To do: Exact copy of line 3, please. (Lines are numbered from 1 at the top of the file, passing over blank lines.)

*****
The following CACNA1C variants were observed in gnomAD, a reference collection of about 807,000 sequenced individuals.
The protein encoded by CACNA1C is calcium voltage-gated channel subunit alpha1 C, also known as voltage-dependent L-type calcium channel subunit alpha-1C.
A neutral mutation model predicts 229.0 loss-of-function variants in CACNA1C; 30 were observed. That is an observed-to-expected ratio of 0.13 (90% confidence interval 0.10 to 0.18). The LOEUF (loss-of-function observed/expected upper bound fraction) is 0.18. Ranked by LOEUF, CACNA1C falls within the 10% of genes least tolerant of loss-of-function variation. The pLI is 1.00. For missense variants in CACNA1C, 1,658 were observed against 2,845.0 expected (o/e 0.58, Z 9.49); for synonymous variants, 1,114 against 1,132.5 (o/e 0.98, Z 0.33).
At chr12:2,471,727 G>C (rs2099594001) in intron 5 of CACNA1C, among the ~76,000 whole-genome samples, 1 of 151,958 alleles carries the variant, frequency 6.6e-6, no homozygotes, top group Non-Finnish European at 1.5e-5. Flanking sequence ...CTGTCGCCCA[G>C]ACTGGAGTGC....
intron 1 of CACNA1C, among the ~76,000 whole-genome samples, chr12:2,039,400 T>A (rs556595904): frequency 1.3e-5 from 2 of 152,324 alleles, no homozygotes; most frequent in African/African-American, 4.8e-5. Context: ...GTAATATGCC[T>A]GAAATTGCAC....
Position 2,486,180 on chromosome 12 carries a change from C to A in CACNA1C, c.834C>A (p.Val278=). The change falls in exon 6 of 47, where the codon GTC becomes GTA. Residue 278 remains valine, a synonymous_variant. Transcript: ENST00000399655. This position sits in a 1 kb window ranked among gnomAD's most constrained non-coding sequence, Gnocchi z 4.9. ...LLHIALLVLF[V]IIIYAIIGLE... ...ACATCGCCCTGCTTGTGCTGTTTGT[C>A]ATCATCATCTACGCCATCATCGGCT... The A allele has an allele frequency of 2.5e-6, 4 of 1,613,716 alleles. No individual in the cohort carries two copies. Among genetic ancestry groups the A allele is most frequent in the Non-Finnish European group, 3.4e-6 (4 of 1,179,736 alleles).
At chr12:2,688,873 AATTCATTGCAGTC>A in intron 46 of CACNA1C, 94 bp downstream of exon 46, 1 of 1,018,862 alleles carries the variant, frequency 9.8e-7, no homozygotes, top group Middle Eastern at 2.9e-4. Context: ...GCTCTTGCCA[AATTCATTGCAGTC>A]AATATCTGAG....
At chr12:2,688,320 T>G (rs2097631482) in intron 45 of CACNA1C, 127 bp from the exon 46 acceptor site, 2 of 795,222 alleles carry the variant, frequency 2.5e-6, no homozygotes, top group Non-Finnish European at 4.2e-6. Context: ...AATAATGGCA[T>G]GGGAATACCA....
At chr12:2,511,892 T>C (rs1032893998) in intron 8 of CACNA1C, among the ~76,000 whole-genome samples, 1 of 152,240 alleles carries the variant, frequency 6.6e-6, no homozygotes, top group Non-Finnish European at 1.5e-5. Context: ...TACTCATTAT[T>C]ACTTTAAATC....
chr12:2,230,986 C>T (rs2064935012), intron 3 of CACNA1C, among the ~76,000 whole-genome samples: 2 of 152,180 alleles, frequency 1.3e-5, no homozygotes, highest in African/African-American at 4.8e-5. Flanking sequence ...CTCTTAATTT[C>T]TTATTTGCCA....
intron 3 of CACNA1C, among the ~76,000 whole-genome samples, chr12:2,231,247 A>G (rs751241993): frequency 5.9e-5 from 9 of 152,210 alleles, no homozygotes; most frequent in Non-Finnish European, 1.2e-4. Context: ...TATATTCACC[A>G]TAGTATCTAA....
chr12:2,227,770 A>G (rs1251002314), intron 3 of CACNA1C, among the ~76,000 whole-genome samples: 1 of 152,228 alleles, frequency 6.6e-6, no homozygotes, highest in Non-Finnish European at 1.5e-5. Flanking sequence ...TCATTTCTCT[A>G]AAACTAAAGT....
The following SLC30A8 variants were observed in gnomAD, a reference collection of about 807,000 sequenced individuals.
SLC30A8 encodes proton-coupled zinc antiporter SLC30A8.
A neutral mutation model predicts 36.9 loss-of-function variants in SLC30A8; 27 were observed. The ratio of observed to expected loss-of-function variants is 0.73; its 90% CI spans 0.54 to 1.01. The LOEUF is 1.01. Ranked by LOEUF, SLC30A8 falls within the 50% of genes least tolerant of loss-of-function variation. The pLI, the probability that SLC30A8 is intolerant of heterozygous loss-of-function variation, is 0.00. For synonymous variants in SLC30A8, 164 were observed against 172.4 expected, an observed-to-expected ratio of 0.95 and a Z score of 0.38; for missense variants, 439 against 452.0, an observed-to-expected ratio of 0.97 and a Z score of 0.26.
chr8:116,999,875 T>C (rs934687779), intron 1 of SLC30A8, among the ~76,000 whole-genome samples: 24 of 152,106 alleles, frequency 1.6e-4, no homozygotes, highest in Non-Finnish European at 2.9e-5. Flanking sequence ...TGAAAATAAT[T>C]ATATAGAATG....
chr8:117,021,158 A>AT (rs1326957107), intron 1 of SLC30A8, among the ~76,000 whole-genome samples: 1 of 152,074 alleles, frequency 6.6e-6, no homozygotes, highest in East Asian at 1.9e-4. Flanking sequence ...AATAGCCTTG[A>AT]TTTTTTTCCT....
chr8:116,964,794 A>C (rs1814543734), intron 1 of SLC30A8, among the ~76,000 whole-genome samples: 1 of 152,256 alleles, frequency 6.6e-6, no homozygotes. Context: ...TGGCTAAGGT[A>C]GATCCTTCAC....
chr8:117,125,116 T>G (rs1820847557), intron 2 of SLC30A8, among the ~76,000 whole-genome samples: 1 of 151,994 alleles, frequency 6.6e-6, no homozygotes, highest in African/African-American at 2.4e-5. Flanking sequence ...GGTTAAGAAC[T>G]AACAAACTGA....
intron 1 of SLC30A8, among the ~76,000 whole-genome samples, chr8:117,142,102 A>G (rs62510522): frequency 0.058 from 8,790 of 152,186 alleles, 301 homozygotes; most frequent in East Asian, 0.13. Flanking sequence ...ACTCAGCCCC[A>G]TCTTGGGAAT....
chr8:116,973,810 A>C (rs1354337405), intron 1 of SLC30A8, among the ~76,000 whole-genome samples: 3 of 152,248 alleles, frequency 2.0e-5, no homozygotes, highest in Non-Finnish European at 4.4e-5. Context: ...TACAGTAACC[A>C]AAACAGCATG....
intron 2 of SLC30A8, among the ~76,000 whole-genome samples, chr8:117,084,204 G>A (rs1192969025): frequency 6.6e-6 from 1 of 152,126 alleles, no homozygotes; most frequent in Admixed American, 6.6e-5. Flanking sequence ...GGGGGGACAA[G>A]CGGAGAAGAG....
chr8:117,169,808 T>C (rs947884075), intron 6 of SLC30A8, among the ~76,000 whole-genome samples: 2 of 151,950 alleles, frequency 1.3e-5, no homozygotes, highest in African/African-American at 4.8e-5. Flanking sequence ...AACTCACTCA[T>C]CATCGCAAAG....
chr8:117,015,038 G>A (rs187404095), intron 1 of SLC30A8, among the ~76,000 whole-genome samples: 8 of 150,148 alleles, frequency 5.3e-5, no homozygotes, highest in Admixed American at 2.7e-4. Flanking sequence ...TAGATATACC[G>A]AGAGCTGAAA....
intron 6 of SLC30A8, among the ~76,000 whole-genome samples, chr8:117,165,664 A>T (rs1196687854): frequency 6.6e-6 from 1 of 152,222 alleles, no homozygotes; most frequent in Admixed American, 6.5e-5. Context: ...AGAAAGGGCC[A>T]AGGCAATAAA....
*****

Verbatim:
A neutral mutation model predicts 229.0 loss-of-function variants in CACNA1C; 30 were observed. That is an observed-to-expected ratio of 0.13 (90% confidence interval 0.10 to 0.18). The LOEUF (loss-of-function observed/expected upper bound fraction) is 0.18. Ranked by LOEUF, CACNA1C falls within the 10% of genes least tolerant of loss-of-function variation. The pLI is 1.00. For missense variants in CACNA1C, 1,658 were observed against 2,845.0 expected (o/e 0.58, Z 9.49); for synonymous variants, 1,114 against 1,132.5 (o/e 0.98, Z 0.33).